There is, as far as I am concerned, no bigger racket than academic conferences. You have no choice but to attend them when you are just starting the profession, as a graduate student and as an assistant professor, when you really don’t have the money to travel. Most universities, controlled by state governments where Republicans have decided that state workers should be able to live on $0.18 a day when they are not being flogged in the stocks in the public square for being a taker, give very little travel money–usually about $1000 a year. Given that most conferences’ registration fees run between $400 and $1000, you wind up paying for travel to conferences out of your own pocket–a pocket that doesn’t have any money in it at that stage of your career.
So my student emailed me this morning to tell me his abstract has been assigned to a poster session for the upcoming AESOP/ACSP conference. I get why they went that route for some of their sessions. They get lots of abstracts, and if they turn people down, then that’s cash they don’t get. So they just accept a bunch of abstracts and fill rooms with a herds of people, take their money, but actually given them very little of the podium time/exposure that young academics pay to go to conferences for. (We tell ourselves it’s to improve our work. I can count on one hand in 10 years of conference-going how many times I’ve had anybody say anything that furthers the research. )
Mostly, though, the reason posters suck is that they add considerably to the cost of conference attendance, which, as I pointed out, you’re already mostly paying for yourself anyway. Full-size posters cost you at least $200 to print, they are hard to take on the plane, and then when you get home you have great useless poster you don’t really want to throw away (because it cost $200!) but it really has little use for anything else. It’s one thing if you are a consultant and go to conference after conference drumming up business. But academics aren’t like that, and while posters are standard in many science fields (where it is possible to use the poster for more than one conference), with ACSP, this just winds up adding to the cost of the conference onto attendees while collecting full registrations from them.
TRB a few years ago started with the poster stuff, and they rather prove out what happens when an organization becomes entirely undisciplined about it. They have poster session after poster session, scraping in registration fees–and the conference is far less useful to young academics than it was when I was starting out.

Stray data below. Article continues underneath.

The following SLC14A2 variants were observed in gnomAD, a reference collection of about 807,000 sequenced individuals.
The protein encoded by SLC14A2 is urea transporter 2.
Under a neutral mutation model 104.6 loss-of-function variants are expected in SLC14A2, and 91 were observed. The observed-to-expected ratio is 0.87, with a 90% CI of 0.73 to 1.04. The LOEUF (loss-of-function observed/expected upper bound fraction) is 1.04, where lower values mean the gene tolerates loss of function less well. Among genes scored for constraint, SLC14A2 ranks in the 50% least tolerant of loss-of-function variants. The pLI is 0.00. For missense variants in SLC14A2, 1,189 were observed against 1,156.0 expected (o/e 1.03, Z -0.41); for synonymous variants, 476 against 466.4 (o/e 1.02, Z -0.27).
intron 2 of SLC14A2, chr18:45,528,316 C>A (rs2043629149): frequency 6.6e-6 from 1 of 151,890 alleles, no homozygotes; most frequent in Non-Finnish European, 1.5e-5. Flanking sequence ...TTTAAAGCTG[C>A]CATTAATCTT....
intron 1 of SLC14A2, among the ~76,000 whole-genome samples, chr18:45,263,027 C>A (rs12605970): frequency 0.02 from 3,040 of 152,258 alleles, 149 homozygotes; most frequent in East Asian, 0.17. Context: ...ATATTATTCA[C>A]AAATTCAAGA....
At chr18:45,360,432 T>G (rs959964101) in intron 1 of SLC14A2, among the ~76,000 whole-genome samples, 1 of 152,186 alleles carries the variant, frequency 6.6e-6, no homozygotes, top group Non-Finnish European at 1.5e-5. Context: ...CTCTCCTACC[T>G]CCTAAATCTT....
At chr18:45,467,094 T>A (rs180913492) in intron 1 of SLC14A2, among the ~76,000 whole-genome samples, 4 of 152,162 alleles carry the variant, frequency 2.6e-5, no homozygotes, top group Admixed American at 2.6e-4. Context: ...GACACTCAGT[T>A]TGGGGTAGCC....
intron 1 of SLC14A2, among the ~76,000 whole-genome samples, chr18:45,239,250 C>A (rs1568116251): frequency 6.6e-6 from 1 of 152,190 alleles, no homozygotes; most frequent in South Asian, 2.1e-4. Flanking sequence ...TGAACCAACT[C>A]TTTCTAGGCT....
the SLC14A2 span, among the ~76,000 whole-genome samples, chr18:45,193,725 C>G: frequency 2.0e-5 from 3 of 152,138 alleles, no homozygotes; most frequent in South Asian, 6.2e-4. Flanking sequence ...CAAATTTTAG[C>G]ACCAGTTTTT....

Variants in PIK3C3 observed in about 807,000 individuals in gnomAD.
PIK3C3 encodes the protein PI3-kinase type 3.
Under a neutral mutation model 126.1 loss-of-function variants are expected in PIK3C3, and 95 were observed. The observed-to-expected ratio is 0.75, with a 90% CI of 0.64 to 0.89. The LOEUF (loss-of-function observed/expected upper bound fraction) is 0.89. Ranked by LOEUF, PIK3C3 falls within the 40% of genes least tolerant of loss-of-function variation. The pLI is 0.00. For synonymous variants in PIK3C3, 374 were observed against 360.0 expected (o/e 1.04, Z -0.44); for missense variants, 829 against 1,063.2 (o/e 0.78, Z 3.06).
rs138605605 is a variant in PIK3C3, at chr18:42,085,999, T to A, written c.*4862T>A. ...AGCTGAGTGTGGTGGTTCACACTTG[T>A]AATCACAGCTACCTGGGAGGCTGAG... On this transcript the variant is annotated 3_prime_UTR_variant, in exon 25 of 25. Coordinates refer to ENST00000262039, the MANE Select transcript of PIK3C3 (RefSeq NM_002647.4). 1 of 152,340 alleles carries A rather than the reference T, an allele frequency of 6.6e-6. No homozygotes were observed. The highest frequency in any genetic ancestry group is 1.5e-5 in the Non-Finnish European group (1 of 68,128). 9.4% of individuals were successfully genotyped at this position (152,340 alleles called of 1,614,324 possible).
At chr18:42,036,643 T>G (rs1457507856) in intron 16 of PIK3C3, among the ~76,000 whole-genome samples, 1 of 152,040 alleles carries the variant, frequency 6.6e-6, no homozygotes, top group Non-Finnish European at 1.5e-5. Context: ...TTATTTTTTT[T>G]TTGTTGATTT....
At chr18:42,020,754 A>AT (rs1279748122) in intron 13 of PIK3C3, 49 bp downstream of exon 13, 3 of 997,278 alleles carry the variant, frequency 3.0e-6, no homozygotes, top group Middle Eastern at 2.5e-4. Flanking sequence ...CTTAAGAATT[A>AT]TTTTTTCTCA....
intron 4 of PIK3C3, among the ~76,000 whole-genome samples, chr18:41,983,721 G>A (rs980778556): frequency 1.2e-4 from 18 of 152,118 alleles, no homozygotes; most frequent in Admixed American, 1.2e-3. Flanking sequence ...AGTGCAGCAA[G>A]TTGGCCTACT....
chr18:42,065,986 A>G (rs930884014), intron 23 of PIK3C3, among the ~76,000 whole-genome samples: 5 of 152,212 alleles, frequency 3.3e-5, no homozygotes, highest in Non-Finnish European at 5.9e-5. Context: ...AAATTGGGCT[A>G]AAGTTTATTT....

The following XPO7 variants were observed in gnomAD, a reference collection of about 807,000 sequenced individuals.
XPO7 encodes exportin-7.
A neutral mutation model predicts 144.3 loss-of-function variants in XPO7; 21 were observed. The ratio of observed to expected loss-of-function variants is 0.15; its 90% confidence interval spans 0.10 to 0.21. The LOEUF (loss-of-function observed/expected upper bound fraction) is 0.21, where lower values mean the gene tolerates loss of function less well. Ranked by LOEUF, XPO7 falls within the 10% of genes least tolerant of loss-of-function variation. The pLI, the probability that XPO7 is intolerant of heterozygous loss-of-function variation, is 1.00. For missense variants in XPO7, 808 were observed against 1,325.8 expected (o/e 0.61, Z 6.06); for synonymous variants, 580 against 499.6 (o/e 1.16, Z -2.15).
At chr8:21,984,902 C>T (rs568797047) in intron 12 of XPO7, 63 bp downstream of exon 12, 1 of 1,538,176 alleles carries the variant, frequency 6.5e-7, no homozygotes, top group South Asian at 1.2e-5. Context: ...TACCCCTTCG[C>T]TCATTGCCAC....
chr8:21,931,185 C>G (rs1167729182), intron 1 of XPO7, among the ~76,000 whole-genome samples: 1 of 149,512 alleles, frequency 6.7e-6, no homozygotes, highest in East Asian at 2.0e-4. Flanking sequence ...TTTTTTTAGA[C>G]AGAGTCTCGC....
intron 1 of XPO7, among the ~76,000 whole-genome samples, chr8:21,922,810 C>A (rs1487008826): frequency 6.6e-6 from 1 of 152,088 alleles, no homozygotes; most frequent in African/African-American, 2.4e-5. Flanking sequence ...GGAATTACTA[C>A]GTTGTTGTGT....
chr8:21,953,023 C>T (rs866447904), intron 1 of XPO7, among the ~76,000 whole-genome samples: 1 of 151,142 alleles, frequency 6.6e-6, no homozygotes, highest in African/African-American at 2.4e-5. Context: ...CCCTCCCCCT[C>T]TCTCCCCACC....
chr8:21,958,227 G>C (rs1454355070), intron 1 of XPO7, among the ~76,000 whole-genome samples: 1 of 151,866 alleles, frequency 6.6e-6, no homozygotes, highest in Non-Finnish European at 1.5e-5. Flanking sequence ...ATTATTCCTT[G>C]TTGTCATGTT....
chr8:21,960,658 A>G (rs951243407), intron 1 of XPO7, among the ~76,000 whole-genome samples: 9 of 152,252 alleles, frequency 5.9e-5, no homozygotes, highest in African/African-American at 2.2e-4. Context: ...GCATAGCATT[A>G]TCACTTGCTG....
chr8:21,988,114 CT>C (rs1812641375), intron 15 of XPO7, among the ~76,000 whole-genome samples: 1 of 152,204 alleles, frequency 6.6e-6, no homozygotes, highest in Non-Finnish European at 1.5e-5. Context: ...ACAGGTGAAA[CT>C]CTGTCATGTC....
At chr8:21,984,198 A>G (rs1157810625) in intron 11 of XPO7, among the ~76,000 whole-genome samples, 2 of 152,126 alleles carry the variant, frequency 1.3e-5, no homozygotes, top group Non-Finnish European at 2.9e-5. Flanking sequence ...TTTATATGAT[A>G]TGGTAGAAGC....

Organizations less willing to screw over participants would give them a choice up-front when you submit: a) I am or b) I am not willing to give a poster session, and then, if one is slotted into a poster session, you should get a break with a somewhat lower registration fee to deal with the extra costs. The former would save them dealing with withdrawals like me–if they tell me they are putting me in a poster session, I just don’t go, and it would useful for organizations to know that up front. I’d rather they just reject the abstract up front. (And before anybody screams at me, I can’t handle the social interaction of poster session due to anxiety related to my Asperger’s. I’ve trained myself to deal with presentations. I’ve never been able to manage the parties and/poster sessions.)
Well now I do have a conundrum. I’ve always been one of those people who are rather impatient with those who complain about how movies distort history/get the book wrong. Does it really matter if the elves were not at Helm’s Deep in Tolkien’s book, but Peter Jackson gave some of his hunky actors more screen time and, thus, put elves at Helm’s Deep?
I am pretty sure that Abraham Lincoln was not really a vampire hunter, and I sincerely hope there are no teenage vampires in Washington state.
I don’t think either Beatrix Potter or Jane Austen charged about solving mysteries in between writing novels and doing beautiful illustrations of small animals in frocks.
So up until about this morning, I’ve been in the “it’s a movie categorized as drama, fer Chrissakes, not a documentary” camp and thought little more about it.
But the controversies around Zero Dark Thirty strike me as rather important. It’s a drama–straight up. When you have “based on real events,” shouldn’t the viewer know full well that you are dealing with artistic license on the scale of “these people lived and did something roughly related to the topic herein presented” but treat the whole story as a matter of fiction until they have investigated the reality behind the story?